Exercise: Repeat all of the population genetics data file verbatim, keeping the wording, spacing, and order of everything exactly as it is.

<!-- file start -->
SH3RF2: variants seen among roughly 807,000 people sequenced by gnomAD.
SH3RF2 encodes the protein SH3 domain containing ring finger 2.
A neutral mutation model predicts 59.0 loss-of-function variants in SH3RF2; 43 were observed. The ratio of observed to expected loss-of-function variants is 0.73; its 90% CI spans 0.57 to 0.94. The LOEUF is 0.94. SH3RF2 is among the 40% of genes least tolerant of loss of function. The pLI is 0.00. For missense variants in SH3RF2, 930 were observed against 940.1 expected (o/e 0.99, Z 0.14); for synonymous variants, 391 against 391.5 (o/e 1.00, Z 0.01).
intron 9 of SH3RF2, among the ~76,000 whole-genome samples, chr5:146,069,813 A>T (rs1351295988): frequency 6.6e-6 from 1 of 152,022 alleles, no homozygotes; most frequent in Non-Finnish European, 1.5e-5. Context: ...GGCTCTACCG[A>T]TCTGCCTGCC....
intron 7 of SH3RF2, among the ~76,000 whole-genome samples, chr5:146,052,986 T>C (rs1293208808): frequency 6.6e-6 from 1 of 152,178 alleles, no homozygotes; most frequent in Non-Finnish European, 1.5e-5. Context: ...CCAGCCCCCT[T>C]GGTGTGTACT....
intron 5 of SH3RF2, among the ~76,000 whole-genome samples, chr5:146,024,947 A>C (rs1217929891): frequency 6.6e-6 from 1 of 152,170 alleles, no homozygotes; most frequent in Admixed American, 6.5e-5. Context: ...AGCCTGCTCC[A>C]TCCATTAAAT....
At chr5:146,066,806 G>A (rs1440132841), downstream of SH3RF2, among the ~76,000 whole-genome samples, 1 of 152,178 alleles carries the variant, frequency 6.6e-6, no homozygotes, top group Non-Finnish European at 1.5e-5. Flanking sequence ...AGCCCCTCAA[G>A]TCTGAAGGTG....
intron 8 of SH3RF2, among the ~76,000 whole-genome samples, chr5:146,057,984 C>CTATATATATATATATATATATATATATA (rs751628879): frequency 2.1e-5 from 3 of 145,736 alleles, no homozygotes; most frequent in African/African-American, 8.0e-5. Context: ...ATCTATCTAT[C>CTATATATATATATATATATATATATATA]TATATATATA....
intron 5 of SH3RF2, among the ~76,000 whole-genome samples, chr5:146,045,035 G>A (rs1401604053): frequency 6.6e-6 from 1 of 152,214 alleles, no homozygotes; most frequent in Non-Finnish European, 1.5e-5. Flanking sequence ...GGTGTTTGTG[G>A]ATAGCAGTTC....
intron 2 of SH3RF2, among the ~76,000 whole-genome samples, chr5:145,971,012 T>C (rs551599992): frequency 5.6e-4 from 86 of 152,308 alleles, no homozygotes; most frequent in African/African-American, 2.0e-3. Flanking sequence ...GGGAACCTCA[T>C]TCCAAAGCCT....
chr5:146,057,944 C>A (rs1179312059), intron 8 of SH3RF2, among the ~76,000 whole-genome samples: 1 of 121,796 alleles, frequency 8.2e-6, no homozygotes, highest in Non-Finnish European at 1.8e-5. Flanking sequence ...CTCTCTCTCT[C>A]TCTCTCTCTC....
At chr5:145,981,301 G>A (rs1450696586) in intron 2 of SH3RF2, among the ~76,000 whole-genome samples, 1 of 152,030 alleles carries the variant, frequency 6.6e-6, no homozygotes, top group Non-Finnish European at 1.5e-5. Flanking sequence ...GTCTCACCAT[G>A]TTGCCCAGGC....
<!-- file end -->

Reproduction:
SH3RF2: variants seen among roughly 807,000 people sequenced by gnomAD.
SH3RF2 encodes the protein SH3 domain containing ring finger 2.
A neutral mutation model predicts 59.0 loss-of-function variants in SH3RF2; 43 were observed. The ratio of observed to expected loss-of-function variants is 0.73; its 90% CI spans 0.57 to 0.94. The LOEUF is 0.94. SH3RF2 is among the 40% of genes least tolerant of loss of function. The pLI is 0.00. For missense variants in SH3RF2, 930 were observed against 940.1 expected (o/e 0.99, Z 0.14); for synonymous variants, 391 against 391.5 (o/e 1.00, Z 0.01).
intron 9 of SH3RF2, among the ~76,000 whole-genome samples, chr5:146,069,813 A>T (rs1351295988): frequency 6.6e-6 from 1 of 152,022 alleles, no homozygotes; most frequent in Non-Finnish European, 1.5e-5. Context: ...GGCTCTACCG[A>T]TCTGCCTGCC....
intron 7 of SH3RF2, among the ~76,000 whole-genome samples, chr5:146,052,986 T>C (rs1293208808): frequency 6.6e-6 from 1 of 152,178 alleles, no homozygotes; most frequent in Non-Finnish European, 1.5e-5. Context: ...CCAGCCCCCT[T>C]GGTGTGTACT....
intron 5 of SH3RF2, among the ~76,000 whole-genome samples, chr5:146,024,947 A>C (rs1217929891): frequency 6.6e-6 from 1 of 152,170 alleles, no homozygotes; most frequent in Admixed American, 6.5e-5. Context: ...AGCCTGCTCC[A>C]TCCATTAAAT....
At chr5:146,066,806 G>A (rs1440132841), downstream of SH3RF2, among the ~76,000 whole-genome samples, 1 of 152,178 alleles carries the variant, frequency 6.6e-6, no homozygotes, top group Non-Finnish European at 1.5e-5. Flanking sequence ...AGCCCCTCAA[G>A]TCTGAAGGTG....
intron 8 of SH3RF2, among the ~76,000 whole-genome samples, chr5:146,057,984 C>CTATATATATATATATATATATATATATA (rs751628879): frequency 2.1e-5 from 3 of 145,736 alleles, no homozygotes; most frequent in African/African-American, 8.0e-5. Context: ...ATCTATCTAT[C>CTATATATATATATATATATATATATATA]TATATATATA....
intron 5 of SH3RF2, among the ~76,000 whole-genome samples, chr5:146,045,035 G>A (rs1401604053): frequency 6.6e-6 from 1 of 152,214 alleles, no homozygotes; most frequent in Non-Finnish European, 1.5e-5. Flanking sequence ...GGTGTTTGTG[G>A]ATAGCAGTTC....
intron 2 of SH3RF2, among the ~76,000 whole-genome samples, chr5:145,971,012 T>C (rs551599992): frequency 5.6e-4 from 86 of 152,308 alleles, no homozygotes; most frequent in African/African-American, 2.0e-3. Flanking sequence ...GGGAACCTCA[T>C]TCCAAAGCCT....
chr5:146,057,944 C>A (rs1179312059), intron 8 of SH3RF2, among the ~76,000 whole-genome samples: 1 of 121,796 alleles, frequency 8.2e-6, no homozygotes, highest in Non-Finnish European at 1.8e-5. Flanking sequence ...CTCTCTCTCT[C>A]TCTCTCTCTC....
At chr5:145,981,301 G>A (rs1450696586) in intron 2 of SH3RF2, among the ~76,000 whole-genome samples, 1 of 152,030 alleles carries the variant, frequency 6.6e-6, no homozygotes, top group Non-Finnish European at 1.5e-5. Flanking sequence ...GTCTCACCAT[G>A]TTGCCCAGGC....